When the package is cooled, the platform 50 is lowered and the package relocated on the conveyor 31 for transportation to a shipping location. At the shipping location as shown in
It will be noted that the dimensions of the base plate 28 are slightly greater than the dimensions of the footprint of the package so that side edges of the base plate overhang the sides and ends of the package. This provides protection for the corners of the package at the base and prevents the bag from pulling inwardly and collapsing or creasing the strip portions at the base of the package. Similarly the header plate with its depending side walls 42B prevents the bag from pulling inwardly on the top strip portion and causing creasing thereof either in the strip portions themselves or at the folds and splices on the top surface of the package.
The height H of the two stacked packages is arranged by selecting the height of the stack when initially folded relative to the amount of compression desired so that the height H is equal to the required shipping height. In particular the dimensions of a container for shipping the product are initially determined, depending upon the shipping method, and based upon that total height, a calculation is carried relating to the height of the initially folded stack so that when compressed and wrapped the two or more stacks when located one on top of the next provide a total height H equal to the required shipping height. The wrapped and stacked packages are then inserted side by side into the required container as shown in
Turning now to
The amount of synthetic fiber present in air laid paper is conventionally of the order of 12 to 15%, although this amount can vary in a wider range, and it has been found that this is sufficient so that the fibers within the material can bond to provide a heat sealed connection between the two ends 80 and 81. Similarly, it has been found that absent the presence of synthetic fibers in the air-laid paper, a heat sealed connection between the ends can still be effected if there is sufficient quantity of other thermally bondable material present within the paper. For example air-laid paper often contains other binders such as latex or synthetic powders which can serve as bonding agents for this heat sealed connection. The head 83 is arranged to provide heating action over spaced patches 85 leaving portions 86 between those patches which are unheated and therefore free from bonding action. These spaces can allow fluid movement into and longitudinally along the material from one strip portion to the next during end use of the strip in a finished absorbent product.
In a further alternative arrangement as shown in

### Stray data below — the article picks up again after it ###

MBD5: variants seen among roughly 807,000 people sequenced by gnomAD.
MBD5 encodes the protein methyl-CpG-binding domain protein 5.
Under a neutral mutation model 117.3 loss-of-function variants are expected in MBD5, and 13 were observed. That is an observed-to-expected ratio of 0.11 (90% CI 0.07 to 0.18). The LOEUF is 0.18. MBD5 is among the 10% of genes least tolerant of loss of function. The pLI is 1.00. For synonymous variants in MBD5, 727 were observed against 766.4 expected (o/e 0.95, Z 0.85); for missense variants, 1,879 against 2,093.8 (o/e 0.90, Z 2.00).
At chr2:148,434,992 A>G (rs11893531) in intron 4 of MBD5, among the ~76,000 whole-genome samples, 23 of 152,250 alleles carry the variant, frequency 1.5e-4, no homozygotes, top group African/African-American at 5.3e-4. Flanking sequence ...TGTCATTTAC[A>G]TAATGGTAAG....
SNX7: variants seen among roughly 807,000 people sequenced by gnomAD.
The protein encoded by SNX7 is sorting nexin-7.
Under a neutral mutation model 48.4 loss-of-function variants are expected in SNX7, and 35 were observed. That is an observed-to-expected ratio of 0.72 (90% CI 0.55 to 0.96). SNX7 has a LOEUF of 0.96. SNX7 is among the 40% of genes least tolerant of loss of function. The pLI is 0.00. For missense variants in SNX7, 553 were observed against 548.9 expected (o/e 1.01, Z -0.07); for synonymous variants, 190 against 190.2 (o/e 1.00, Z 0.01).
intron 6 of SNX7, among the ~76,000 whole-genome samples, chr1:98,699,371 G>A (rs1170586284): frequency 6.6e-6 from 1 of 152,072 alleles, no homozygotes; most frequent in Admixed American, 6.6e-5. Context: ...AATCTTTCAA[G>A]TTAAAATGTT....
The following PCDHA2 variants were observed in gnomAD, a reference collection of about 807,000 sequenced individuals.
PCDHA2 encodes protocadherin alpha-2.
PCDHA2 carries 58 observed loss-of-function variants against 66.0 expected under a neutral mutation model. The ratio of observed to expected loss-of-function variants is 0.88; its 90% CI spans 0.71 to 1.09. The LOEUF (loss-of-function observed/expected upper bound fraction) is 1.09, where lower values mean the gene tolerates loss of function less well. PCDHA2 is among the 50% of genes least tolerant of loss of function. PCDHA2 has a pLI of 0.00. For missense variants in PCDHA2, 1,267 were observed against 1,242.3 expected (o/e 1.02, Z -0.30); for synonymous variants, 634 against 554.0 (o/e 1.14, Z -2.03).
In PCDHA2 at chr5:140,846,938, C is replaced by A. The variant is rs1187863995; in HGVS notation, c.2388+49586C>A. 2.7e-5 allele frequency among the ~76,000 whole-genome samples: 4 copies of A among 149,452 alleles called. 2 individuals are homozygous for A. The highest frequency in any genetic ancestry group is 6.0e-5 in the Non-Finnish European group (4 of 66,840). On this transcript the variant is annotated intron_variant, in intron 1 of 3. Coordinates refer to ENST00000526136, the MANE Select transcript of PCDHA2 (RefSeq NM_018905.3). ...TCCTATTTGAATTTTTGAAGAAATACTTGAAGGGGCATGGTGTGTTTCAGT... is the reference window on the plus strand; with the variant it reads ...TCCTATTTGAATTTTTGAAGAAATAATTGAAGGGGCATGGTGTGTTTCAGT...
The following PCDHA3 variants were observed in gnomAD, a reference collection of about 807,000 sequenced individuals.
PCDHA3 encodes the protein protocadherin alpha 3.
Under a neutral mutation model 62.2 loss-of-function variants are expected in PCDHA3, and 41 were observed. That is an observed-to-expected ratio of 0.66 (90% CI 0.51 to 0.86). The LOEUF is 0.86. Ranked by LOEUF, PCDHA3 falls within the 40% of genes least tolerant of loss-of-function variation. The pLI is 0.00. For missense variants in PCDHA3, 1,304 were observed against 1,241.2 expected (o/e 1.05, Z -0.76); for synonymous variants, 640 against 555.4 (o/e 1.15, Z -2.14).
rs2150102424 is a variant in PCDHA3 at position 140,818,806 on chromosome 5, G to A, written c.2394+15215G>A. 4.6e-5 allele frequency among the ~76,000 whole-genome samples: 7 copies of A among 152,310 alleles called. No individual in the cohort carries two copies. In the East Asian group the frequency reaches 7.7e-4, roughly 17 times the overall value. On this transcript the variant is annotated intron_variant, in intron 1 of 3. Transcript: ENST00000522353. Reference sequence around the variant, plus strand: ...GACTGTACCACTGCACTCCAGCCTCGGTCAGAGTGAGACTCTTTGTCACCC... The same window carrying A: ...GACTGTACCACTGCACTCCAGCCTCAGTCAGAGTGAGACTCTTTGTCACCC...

Currently the standard splice technique used in air laid manufacturing is the taped splice. The tape is applied to one, or more commonly both, sides of the two ends of air laid substrate being joined. The tapes are routinely not acceptable in the customers' finished products, and so they are rejected during converting. This amounts to a waste loss for the customer, and therefore there is interest and incentive in finding a splice material and/or method which would allow the inclusion of the splice in the finished products.
The alternative splicing technique described above provides a technique which can avoid the discarding of product containing the splice. The ultrasonic equipment can, however, be configured to allow wider splicing widths. This would allow the splicing which occurs in the web upstream of the folding to also be done ultrasonically, and therefore those splices would also not have to be rejected in the finished products.
As air laid webs are produced on the air laid machine, they are first wound into jumbo rolls. These jumbo rolls are then rewound and slit to narrower widths on rewinder/slitters. Splices are sometimes made during this process for various reasons. From this point, the slit rolls, now called master rolls, are sent to the folding process. As the master rolls are unwound and folded, they are spliced one to the other to allow continuous folding. Each column of the bale or stack would include the splices made during these upstream operations. Finally, each column of a bale is spliced to the adjacent column. So it can be seen that there is the potential for a very high number of splices within a bale. Indeed, the specifications for bales include a maximum number of splices which can be present within a single bale; this is to limit rejects due to splices to a maximum specified by each customer. Currently, most customers perceive these numerous splices as a disadvantage. If all of the splices described could be of a type which could be included in the finished product, this could instead amount to an advantage for a lower waste, higher productivity packaging concept.